Fragment 5: Intake
“Step by Step” (John 6)
By Rev. John W. Nupp
The Appalachian Trail runs for 2200 miles, from Georgia to Maine. Only a small sliver of the AT cuts through our Annual Conference, just about 45 miles of trail winding through Harpers Ferry across the Potomac then heading along South Mountain. This distance may sound small to those living in the DC area, whose average daily commute may exceed 50 miles per day. But consider crossing 50 miles with all the supplies that you need in a backpack. Using the typical rules of hiking, you should allow for 3 mph, or 2 mph with a pack. At that speed, maybe it’s not that different from commuting around DC after all!
And when we cannot take another step, when we have come to the end of ourselves, let this be the blood of Christ, flowing through us. When our single life is too weak, too insufficient, too limited to carry on, let this become the body of Christ, alive around us.
Whether we are hiking up the trail or driving down the road of life, the real issue is not our speed but our intention. There is a real difference between those traveling through life as tourists and those who take to the trail as pilgrims, between the day hikers enjoying the scenery and those truly committed — the “through-hikers” who are in for the long haul. That Trail Mix for sale at the gas station is not just for snacking while you are stuck in traffic. You will need that—and a lot more—if you are dedicated to the journey.
Some people see themselves as spiritual tourists, seeking a glimpse of God or just a taste of Jesus, maybe a selfie with the Spirit along the road. But some have come to rely on God for more, for the very essence of life itself.
By the time crowds have come to Jesus to hear him speak about the offer of Bread from Heaven, he has already fed more than 5,000 people. Jesus accurately points out that many have come seeking another fast food meal. Who could blame them? But Jesus encourages them (and us) to hunger for more — “Do not work for the food that perishes, but for the food that endures for eternal life…” (see John 6:27). How do we interpret this command?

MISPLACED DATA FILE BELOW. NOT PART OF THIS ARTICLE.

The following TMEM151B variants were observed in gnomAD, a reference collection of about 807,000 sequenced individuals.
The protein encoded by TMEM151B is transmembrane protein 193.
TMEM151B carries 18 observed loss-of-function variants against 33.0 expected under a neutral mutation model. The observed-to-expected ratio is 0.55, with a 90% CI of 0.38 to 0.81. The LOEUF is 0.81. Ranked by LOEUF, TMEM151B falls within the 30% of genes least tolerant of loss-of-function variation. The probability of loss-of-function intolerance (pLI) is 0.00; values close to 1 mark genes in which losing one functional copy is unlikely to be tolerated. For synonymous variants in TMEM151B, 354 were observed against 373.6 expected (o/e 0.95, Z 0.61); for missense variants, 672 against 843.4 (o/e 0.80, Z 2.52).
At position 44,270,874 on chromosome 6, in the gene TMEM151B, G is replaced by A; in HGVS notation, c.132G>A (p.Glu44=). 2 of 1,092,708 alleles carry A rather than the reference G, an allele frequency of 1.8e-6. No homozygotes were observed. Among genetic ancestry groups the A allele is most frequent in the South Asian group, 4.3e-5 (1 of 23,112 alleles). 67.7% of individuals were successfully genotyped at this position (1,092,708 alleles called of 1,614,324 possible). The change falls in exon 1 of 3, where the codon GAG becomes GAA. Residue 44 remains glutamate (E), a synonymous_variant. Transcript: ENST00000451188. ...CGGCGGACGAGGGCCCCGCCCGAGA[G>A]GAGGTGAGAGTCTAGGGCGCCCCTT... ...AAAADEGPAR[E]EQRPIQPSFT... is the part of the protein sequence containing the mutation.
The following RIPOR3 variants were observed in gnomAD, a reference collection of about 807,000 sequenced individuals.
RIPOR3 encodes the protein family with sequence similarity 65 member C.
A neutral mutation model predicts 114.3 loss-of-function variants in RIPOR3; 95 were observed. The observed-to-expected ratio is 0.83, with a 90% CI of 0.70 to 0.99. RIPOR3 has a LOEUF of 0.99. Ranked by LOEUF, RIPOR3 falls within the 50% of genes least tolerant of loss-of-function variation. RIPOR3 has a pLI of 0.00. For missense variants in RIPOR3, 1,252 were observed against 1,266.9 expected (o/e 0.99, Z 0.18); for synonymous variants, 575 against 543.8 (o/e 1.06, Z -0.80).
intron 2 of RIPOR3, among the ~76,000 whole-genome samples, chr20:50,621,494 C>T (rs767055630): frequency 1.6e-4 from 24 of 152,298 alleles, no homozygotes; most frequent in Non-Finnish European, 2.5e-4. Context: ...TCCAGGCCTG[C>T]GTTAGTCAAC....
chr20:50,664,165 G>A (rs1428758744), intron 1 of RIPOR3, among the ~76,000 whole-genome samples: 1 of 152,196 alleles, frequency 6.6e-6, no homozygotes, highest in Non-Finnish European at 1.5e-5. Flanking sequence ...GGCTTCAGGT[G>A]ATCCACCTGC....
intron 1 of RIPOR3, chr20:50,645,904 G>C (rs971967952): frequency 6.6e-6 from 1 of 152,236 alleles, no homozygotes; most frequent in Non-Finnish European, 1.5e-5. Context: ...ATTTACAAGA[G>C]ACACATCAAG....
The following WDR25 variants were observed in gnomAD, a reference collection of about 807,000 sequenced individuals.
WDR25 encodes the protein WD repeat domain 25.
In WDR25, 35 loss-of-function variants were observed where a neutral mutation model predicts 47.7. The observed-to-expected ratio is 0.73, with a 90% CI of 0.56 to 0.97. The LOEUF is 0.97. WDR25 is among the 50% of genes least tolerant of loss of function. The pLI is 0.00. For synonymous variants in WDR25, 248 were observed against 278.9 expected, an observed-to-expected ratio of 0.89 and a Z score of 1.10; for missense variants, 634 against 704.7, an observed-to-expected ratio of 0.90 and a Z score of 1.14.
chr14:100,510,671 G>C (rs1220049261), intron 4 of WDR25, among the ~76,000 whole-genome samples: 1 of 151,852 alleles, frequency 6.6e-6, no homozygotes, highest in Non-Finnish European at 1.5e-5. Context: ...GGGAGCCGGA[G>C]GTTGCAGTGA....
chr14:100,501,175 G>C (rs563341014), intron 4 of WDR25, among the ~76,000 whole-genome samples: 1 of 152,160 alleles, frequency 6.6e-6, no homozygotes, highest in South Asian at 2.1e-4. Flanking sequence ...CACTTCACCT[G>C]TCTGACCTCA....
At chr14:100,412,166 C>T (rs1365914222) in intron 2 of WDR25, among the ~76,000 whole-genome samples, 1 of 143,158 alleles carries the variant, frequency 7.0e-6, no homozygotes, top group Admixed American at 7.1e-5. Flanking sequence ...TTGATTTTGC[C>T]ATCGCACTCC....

This is not an easy word to hear, to understand, or to practice. By the time Jesus gets to the end of this message, he has alienated most of the crowd. Only the most desperate disciples remain. They know they will need provisions like food and water, yes, but they are learning from Jesus to rely on something even more substantive, something somehow even more reliable and eternal: his words. Peter confesses that these are the words of eternal life (John 6:68).
At one level, this sounds ridiculous, doesn’t it? I mean, does Jesus really expect us to live on his words? But just think about this: the bread eaten by the 5,000 is long gone, but we are still digesting what Jesus said that day. The fresh fish from the Sea of Galilee is gone, but we simply open up our Bibles (or our phones or tablets) and find an eternally life-giving word from our Savior, ready to nourish us for this day, this moment! Amazing, isn’t it?
Our Savior is so amazing that, even when those through-hikers could not reach the end of the trail; when they turned him in, when they turned away and ran, when they denied even knowing who he was, he was faithful to the very end. Through the trials, through the cross, through the tomb, Jesus persevered for us. On that very night he was betrayed, he offered the Bread, broken. On the eve of his persecution and death, he offered the fruit of the Vine, crushed.
Take it in. Take it all in. This is our food, this is our sustenance, this is our source of life for the long haul. And when we cannot take another step, when we have come to the end of ourselves, let this be the blood of Christ, flowing through us. When our single life is too weak, too insufficient, too limited to carry on, let this become the body of Christ, alive around us.
We are not alone. We are One. One with God through the gift of life in Christ; one with each other through new life in the Spirit; one in ministry, in self-less service to all the world, to all in this world, for the sake of Christ. Take it in. Take in Jesus’ life, his body, this Bread of Life. Not just for yourself, but for the sake of that one next to you, who needs to hear the eternal words again.